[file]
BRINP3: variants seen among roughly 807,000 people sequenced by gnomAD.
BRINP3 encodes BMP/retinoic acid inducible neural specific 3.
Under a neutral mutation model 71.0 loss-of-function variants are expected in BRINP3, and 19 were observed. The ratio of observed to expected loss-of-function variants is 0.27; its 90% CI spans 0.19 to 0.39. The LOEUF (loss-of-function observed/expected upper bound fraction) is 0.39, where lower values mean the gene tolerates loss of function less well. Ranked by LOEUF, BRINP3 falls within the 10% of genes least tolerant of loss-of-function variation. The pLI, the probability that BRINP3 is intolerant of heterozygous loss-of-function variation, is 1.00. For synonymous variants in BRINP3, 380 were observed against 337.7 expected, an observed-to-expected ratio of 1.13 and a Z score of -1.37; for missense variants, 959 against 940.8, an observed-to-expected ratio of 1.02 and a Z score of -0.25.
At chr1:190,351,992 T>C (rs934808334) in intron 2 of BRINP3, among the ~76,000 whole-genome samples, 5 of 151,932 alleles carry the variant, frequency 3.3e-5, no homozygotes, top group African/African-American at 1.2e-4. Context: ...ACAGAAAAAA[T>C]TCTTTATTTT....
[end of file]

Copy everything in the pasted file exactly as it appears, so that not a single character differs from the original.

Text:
BRINP3: variants seen among roughly 807,000 people sequenced by gnomAD.
BRINP3 encodes BMP/retinoic acid inducible neural specific 3.
Under a neutral mutation model 71.0 loss-of-function variants are expected in BRINP3, and 19 were observed. The ratio of observed to expected loss-of-function variants is 0.27; its 90% CI spans 0.19 to 0.39. The LOEUF (loss-of-function observed/expected upper bound fraction) is 0.39, where lower values mean the gene tolerates loss of function less well. Ranked by LOEUF, BRINP3 falls within the 10% of genes least tolerant of loss-of-function variation. The pLI, the probability that BRINP3 is intolerant of heterozygous loss-of-function variation, is 1.00. For synonymous variants in BRINP3, 380 were observed against 337.7 expected, an observed-to-expected ratio of 1.13 and a Z score of -1.37; for missense variants, 959 against 940.8, an observed-to-expected ratio of 1.02 and a Z score of -0.25.
At chr1:190,351,992 T>C (rs934808334) in intron 2 of BRINP3, among the ~76,000 whole-genome samples, 5 of 151,932 alleles carry the variant, frequency 3.3e-5, no homozygotes, top group African/African-American at 1.2e-4. Context: ...ACAGAAAAAA[T>C]TCTTTATTTT....